BB: The role of Eva Perón is such an iconic role not only because her story is so incredible but also there are so many legendary actresses who’ve played her. When you were developing the character, how were you able to almost honor their portrayals while still making her your own at the same time?
KL:
I honor other actresses by reminding myself that I am not the first or the last person to play this role. I listen to their recordings, I watch their videos, and I recognize that not everything that works for them will work for me. I pick and choose the pieces that I like that work for my body. The rest is my interpretation of Eva and the woman she was. I am grateful to all of those who played Eva before me who have made their work public to share with those of us who are still learning.

BB: When a lot of people think of Evita I feel like they immediately go to “Don’t Cry For Me Argentina,” or Patti LuPone or the Madonna movie. To many it’s a fun glitz and glamorous musical but I think there are some deeper political themes to it that makes this show so rich in history. What are some of the bigger message that this show tells other than just a rags to riches theme?
KL:
Those who see this musical as glitz and glamour have missed the point. This show should leave you understanding that even those who are loved and adored had dark sides of manipulation to get what they wanted. She started off as a poor and downtrodden and rose to riches because she knew how to get what she wanted out of people that could help her career. She was only seen as human when she died of cancer. Even then, many people couldn’t see it. She was that good.

BB: Have you learned anything about yourself as a performer in this role? What are you going to take away from it?
KL:
I’ve learned a lot about myself as a performer during this show. I come from classical/operatic vocal training. I have learned how to fit this show to how my voice naturally sounds rather than pushing it to sound like LuPone. I’m going to take away that this role can be done in a variety of vocal styles, as long as you stay true to the heart of the words and the text.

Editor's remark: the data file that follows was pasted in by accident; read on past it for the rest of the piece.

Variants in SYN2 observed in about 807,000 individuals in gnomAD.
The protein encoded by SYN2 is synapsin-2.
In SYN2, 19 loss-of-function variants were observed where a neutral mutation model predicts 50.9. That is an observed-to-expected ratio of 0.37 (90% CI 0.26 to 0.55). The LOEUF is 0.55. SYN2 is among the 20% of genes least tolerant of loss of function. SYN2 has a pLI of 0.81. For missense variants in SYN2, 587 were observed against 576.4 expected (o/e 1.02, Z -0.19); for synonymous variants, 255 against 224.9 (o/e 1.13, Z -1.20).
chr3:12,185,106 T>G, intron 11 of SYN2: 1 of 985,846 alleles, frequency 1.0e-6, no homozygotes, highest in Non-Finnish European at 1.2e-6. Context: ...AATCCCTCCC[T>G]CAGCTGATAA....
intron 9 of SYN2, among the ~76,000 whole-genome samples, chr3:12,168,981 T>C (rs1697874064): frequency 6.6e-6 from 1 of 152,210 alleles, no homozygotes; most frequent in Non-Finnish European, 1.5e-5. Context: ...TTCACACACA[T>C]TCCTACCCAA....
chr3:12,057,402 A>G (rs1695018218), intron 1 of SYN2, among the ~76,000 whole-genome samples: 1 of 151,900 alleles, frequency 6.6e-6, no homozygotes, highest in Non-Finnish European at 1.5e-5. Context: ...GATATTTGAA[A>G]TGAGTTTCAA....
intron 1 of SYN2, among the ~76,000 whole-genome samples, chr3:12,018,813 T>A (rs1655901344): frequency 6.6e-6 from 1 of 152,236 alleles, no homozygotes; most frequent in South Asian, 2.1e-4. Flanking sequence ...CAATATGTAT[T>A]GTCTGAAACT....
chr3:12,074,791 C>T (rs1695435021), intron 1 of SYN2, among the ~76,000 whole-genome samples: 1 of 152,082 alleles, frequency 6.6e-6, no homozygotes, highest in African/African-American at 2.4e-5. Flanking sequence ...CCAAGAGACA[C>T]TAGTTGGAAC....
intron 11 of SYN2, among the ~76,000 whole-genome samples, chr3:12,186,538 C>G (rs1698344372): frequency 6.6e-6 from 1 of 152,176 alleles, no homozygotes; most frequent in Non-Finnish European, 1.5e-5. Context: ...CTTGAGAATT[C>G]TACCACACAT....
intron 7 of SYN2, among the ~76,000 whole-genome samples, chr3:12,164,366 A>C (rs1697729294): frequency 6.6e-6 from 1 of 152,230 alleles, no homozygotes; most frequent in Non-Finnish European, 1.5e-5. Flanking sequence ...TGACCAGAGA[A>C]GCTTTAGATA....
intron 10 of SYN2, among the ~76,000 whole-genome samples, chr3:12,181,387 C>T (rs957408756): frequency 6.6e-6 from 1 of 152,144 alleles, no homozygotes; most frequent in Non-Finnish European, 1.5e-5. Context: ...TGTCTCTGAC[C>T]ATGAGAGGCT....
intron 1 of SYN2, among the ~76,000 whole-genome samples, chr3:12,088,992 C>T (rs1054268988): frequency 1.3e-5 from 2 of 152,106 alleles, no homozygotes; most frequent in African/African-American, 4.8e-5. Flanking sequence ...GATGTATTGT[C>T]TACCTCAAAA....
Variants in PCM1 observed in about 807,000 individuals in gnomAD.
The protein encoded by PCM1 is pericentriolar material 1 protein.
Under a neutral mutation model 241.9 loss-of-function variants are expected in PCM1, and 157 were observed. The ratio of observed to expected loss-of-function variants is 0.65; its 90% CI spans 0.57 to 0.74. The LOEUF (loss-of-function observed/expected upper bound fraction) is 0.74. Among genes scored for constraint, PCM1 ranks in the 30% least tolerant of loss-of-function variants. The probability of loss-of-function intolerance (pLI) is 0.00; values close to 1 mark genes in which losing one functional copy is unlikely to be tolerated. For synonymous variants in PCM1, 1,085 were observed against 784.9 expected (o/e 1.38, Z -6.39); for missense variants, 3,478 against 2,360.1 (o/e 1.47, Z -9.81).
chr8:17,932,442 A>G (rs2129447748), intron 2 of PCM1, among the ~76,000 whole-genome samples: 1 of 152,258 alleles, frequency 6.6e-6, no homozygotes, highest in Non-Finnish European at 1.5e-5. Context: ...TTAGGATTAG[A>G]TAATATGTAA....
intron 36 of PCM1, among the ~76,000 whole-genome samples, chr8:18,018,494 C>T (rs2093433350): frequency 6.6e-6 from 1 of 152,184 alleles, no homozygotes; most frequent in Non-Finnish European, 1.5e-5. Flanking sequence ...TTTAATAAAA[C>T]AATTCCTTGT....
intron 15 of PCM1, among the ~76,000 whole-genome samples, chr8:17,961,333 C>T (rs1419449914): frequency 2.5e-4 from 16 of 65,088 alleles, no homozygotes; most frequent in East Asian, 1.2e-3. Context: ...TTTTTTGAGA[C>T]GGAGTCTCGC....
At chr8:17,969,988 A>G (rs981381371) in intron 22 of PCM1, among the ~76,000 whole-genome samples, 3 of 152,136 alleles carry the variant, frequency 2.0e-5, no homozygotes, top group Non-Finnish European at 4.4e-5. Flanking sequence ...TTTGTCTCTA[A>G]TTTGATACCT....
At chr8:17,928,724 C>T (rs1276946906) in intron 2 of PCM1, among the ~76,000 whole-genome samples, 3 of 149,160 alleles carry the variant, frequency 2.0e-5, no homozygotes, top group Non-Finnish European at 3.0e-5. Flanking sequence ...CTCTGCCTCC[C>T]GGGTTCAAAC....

BB: Do you have a favorite song that you personally get to sing in the show? If so, why is it your favorite?
KL:
My favorite song in the show is, “You Must Love Me.” Eva sings this song to her husband, Juan Perón (played by Jake Sullivan in our production) when they find out that she’s dying. It’s her most human moment. All manipulation is dropped. All her power forgotten. The relationship between Eva and Perón was formed knowing that they would be beneficial for each other to rise to power. She sings this song to him realizing that they have truly grown to love each other and she’s not just a pawn in his success anymore.

BB: Anything else you’d like to share with readers?
KL:
I hope that those who come to see this show are challenged and that they leave the theatre feeling emotions they did not expect. I hope they leave with enjoyment from the big dance numbers and the spectacle. I hope they leave with a better understanding of how celebrities and politicians are glorified actors who get what they want by manipulation. Most of all, I hope people leave feeling conflicted about Eva’s morals. This is a show that should make you think, and I believe that our fantastic cast has done the work to achieve that. We all hope to see you there!

Evita opens at Lyric Arts on March 22nd through April 14. Tickets can be purchased by clicking the button below. To learn more about Eva Perón and her legacy, visit their blog post to dig deeper into her life!